* Syrian army extends fight for Aleppo
* Rebels say they have forced army to retreat
* Fighters aim to take centre of Syria's biggest city
* Neither rebels nor army control Salaheddine "ghost town"
By Erika Solomon
ALEPPO, Syria, Aug 1 Syrian combat aircraft and
artillery pounded Aleppo late into the night as the army battled
for control of the country's biggest city, where rebel fighters
said troops loyal to President Bashar al-Assad had been forced
During the day on Tuesday large clouds of black smoke rose
into the sky after attack helicopters turned their machineguns
on eastern districts for the first time in the latest fighting
and a MiG warplane later strafed the same area.
After nightfall, Reuters journalists in Aleppo heard loud
explosions somewhere near the city. At least 10 volleys of
shells lit up the night sky and drowned out the sound of the
Islamic call to prayer. Carloads of rebel fighters shouting "God
is great" sped off towards the fighting.
The battle for Aleppo, Syria's largest city, has become a
crucial test for both sides in the 16-month-old rebellion.
Neither Assad's forces nor the rag-tag rebels can afford to lose
if they hope to prevail in the wider struggle for Syria.
Syria's civil war has entered a far more violent phase since
July 18 when a bomb killed four top members of President Bashar
al-Assad's inner circle. Serious fighting reached Aleppo over
the past week and rebels also launched an assault on the capital
Damascus in July but were repulsed.
Heavy gunfire echoed around the Salaheddine district in the
southwest of the city, scene of some of the worst clashes, with
shells raining in for most of the day.
Reuters journalists have established that neither the Syrian
army nor rebel fighters are in full control of the quarter,
which the government said it had taken on Sunday.
Salaheddine resembled what one journalist called a "ghost
town", its shops shuttered, with no sign of life.
Rebel fighters, some in balaclavas and others with scarves
around their faces, fired machineguns and assault rifles around
street corners at invisible enemies. Wounded civilians and
fighters were carried to makeshift dressing stations.
Syrian state television said on Tuesday troops were still
pursuing remaining "terrorists" there - its usual way of
describing rebel fighters.
A rebel commander in Aleppo said his fighters' aim was to
push towards the city centre, district by district, a goal he
believed they could achieve "within days, not weeks".
The rebels say they now control an arc that covers eastern
and southwestern districts.
"The regime has tried for three days to regain Saleheddine,
but its attempts have failed and it has suffered heavy losses in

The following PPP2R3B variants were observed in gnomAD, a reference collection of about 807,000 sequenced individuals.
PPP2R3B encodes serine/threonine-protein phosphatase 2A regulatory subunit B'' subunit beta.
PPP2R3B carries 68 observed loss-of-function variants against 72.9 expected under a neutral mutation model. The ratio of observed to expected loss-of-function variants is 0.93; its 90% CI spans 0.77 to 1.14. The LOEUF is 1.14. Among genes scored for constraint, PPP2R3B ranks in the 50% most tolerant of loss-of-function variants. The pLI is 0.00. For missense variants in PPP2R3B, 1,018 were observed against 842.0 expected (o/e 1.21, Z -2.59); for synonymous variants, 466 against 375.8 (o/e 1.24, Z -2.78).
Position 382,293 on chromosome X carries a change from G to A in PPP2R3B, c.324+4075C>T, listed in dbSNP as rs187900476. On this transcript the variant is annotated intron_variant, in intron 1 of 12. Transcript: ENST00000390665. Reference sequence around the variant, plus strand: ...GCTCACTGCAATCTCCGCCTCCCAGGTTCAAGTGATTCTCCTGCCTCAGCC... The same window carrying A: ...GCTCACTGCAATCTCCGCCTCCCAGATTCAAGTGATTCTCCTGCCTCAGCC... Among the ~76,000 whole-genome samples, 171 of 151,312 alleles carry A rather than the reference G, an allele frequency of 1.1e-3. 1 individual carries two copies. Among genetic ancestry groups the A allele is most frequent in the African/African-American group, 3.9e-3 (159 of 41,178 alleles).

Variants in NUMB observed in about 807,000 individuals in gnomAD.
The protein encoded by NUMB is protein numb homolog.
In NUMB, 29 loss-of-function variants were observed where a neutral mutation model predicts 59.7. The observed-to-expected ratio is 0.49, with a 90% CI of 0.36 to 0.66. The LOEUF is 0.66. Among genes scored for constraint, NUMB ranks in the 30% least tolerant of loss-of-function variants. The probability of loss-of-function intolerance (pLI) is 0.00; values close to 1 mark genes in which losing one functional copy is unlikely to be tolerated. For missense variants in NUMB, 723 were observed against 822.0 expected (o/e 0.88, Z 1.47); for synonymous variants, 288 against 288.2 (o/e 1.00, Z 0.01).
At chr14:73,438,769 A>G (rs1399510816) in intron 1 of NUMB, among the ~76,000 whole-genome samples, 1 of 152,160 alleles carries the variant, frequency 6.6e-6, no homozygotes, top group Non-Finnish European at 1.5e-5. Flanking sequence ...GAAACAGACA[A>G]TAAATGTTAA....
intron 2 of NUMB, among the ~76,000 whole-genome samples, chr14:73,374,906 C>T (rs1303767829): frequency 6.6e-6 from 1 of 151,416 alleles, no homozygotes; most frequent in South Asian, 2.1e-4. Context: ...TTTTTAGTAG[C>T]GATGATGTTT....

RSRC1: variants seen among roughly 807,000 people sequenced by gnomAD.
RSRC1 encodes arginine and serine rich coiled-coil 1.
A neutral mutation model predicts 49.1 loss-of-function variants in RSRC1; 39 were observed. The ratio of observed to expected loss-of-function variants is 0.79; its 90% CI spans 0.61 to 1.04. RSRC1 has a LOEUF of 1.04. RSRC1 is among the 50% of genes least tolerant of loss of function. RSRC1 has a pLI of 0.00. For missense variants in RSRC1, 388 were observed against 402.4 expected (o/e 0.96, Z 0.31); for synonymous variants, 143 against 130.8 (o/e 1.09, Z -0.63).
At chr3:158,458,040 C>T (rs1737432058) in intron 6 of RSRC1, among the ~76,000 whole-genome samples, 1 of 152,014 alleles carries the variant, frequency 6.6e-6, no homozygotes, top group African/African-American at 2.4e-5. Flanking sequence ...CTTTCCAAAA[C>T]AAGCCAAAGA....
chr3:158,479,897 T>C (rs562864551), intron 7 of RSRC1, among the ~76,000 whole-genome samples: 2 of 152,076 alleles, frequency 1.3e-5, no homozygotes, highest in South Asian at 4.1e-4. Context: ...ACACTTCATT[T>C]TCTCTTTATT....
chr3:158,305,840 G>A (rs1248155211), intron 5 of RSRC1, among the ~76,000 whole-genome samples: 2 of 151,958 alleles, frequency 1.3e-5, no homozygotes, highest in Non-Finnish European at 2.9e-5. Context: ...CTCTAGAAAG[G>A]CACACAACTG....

human life, weapons and tanks, and it has been forced to
withdraw," said Colonel Abdel-Jabbar al-Oqaidi, head of the
Joint Military Council, one of several rebel groups in Aleppo.
Oqaidi told Reuters that more than 3,000 rebel fighters were
in Aleppo but would not give a precise number.
The fighting has proved costly for the 2.5 million residents
of Aleppo, a commercial hub that was slow to join the anti-Assad
revolt that has rocked the capital, Damascus, and other cities.
Rebels say they will turn Aleppo into the "grave" of the
Assad government. Thousands of residents have fled and those who
remain face shortages of food and fuel and the ever-present risk
of injury or death.
"We have hardly any power or water, our wives and kids have
left us here to watch the house and have gone somewhere safer,"
said Jumaa, a 45-year-old construction worker, who complained it
was nearly impossible to observe the fasting month of Ramadan.
Makeshift clinics in rebel-held areas struggle to deal with
dozens of casualties after more than a week of fighting.
Up to 18,000 people have been forced to leave their homes in
Aleppo and many frightened residents were seeking shelter in
schools, mosques and public buildings, according to figures
given by the U.N. refugee agency in Geneva.
Rebel fighters, patrolling parts of Aleppo in pick-up trucks
flying green-white-and-black "independence" flags, face a
daunting task in taking on the well-equipped Syrian army, even
if the loyalty of some of its troops is in doubt.
Armed with Kalashnikov assault rifles, machineguns and
rocket-propelled grenades they are up against a military that
can deploy fighter jets, helicopter gunships, tanks, armoured
fighting vehicles, artillery and mortars.
The most powerful military in the region, NATO member
Turkey, has been moving armoured columns towards the border,
although it has given no indication they will cross over.
Turkish Prime Minister Tayyip Erdogan, once a friend of
Assad, has become among his most vocal opponents. Erdogan spoke
by phone to U.S. President Barack Obama on Tuesday.
"God willing, the brotherly Syrian people and the Middle
East will soon be freed from this dictator with blood on his
hands, and his regime, which was built on blood," Erdogan said
late on Tuesday in a monthly television address.
"Assad and his bloodstained comrades know well that they
have reached the end, and that their fates will not be different
from those of previous dictators."
Assad, a member of the Alawite minority sect, an offshoot of
Shi'ite Islam, is now opposed by the leaders of other Arab
states, nearly all of which are led by Sunni Muslims, as well as
by Turkey and the West.
Within the region he retains the support of Shi'ite-led
Iran, and in the U.N. Security Council he has been protected by
China and Russia.